Anyway, one of the defining features of the heavy metal genre is how many different sub-genres of heavy metal there are.

There’s symphonic metal, classic metal, power metal, thrash metal, speed metal, black metal, death metal, pirate metal, folk metal, trance metal etc…

Yet, all of these sub-genres are still very recognisable as heavy metal. So, although I’ve probably mentioned all of this stuff before, here are two very basic tips for how to make your own sub-genre (of art, fiction, music etc…).

1) Have a wide range of influences: Generally speaking, many new sub-genres are created when someone takes inspiration from something outside of their chosen genre.

For example, the Symphonic Metal sub-genre probably began when someone thought “what this opera really needs is some electric guitars“. Likewise, the Folk Metal sub-genre probably also began when someone thought the same thing about folk music.

Likewise, the Zomcom genre of films probably began with a brilliantly hilarious film called “Shaun Of The Dead”, which is a mixture of a romantic comedy and a zombie movie. If the creator of this film had only taken inspiration from one genre, the film wouldn’t be the distinctive, genre-defining classic that it is.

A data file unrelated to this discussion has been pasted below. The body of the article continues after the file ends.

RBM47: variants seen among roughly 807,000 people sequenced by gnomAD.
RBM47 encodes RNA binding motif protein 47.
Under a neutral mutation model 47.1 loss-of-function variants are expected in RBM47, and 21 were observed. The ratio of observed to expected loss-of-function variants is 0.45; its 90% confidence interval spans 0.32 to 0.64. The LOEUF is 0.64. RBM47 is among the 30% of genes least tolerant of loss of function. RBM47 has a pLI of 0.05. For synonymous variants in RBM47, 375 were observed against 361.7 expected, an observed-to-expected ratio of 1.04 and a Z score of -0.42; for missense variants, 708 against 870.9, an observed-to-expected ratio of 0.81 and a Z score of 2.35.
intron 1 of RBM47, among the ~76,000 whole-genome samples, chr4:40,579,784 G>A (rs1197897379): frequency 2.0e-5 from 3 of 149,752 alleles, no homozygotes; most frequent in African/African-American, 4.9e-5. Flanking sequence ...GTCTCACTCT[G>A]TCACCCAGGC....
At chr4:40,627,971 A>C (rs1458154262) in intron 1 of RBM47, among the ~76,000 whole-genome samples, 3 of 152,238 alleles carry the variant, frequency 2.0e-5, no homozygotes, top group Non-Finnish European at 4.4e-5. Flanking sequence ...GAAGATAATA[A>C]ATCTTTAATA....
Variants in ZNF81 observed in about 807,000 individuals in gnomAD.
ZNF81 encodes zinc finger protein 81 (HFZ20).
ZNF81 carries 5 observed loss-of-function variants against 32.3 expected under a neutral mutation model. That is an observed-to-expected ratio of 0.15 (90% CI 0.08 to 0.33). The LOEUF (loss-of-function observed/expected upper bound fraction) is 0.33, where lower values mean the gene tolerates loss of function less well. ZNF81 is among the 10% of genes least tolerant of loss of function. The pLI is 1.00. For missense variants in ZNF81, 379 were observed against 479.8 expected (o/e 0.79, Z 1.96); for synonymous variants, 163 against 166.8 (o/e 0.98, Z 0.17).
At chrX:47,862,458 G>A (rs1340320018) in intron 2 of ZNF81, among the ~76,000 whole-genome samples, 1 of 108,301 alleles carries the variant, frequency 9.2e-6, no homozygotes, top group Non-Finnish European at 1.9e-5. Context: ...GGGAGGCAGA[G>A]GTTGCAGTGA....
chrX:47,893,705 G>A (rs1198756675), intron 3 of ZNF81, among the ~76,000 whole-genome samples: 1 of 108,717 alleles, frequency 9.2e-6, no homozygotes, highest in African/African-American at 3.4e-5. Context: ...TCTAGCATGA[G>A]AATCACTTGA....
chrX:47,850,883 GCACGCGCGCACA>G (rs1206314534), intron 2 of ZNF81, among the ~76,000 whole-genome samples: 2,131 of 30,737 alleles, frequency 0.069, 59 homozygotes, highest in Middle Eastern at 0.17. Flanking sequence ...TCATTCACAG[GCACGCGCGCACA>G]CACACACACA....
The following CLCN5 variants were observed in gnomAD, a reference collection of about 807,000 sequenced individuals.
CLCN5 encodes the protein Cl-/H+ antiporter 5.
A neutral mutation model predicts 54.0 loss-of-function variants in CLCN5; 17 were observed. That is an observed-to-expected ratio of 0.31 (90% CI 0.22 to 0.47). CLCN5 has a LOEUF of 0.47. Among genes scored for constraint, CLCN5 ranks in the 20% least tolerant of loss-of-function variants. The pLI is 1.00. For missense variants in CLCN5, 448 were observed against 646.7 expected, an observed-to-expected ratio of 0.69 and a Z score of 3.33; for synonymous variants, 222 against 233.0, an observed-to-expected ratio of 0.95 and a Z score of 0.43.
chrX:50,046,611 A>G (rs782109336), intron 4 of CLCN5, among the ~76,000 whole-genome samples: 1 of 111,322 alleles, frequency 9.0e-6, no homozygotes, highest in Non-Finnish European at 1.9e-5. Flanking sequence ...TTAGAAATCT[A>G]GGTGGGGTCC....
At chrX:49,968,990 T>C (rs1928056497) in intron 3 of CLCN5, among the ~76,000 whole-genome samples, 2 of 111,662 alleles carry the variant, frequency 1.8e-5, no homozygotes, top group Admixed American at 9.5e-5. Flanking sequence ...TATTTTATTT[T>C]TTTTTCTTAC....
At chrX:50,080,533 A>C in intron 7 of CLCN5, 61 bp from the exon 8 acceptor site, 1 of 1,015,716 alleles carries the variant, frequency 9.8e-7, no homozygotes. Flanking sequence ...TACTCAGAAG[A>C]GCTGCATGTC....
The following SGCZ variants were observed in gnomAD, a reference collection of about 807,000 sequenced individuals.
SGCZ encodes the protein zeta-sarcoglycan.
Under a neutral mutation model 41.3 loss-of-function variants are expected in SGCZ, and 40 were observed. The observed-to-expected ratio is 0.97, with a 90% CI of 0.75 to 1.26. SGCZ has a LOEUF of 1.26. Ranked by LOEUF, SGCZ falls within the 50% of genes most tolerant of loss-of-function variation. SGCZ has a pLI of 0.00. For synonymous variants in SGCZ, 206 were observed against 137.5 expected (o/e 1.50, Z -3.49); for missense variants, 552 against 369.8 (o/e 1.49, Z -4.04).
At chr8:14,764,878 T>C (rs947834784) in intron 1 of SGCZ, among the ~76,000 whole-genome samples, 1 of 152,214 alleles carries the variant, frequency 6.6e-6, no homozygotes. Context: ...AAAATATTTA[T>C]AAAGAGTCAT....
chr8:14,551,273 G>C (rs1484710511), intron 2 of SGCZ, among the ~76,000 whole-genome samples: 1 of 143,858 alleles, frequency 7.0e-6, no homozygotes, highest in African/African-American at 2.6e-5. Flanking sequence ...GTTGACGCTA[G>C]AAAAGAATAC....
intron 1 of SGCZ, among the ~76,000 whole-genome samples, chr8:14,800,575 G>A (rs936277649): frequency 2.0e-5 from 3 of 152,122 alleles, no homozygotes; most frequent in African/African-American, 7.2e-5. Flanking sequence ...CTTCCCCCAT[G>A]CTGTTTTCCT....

So, having a slightly wider range of influences will make it much easier for you to find new things to blend with your favourite genre. And, this is how you make a new sub-genre.

2) Know your tastes: Another way that new sub-genres can be created is when a person realises exactly what they really love about their favourite genre and then decides to turn it “up to eleven”.

A good example of this would probably be Splatterpunk fiction – this is a sub-genre of horror fiction that was popular during the 1980s/90s and it probably just stemmed from several horror writers thinking “why can’t horror novels include more blood and guts? Horror movies can include this stuff, why can’t we? Best of all, we don’t have to deal with film censors either….“.

So, if you’re a massive fan of a particular genre, then look carefully at which elements of the genre you really love, and then emphasise them more. I mean, you’re probably going to do this anyway (it’s a part of taking inspiration) – but if you do it prominently and distinctively enough, then you can end up creating a new sub-genre.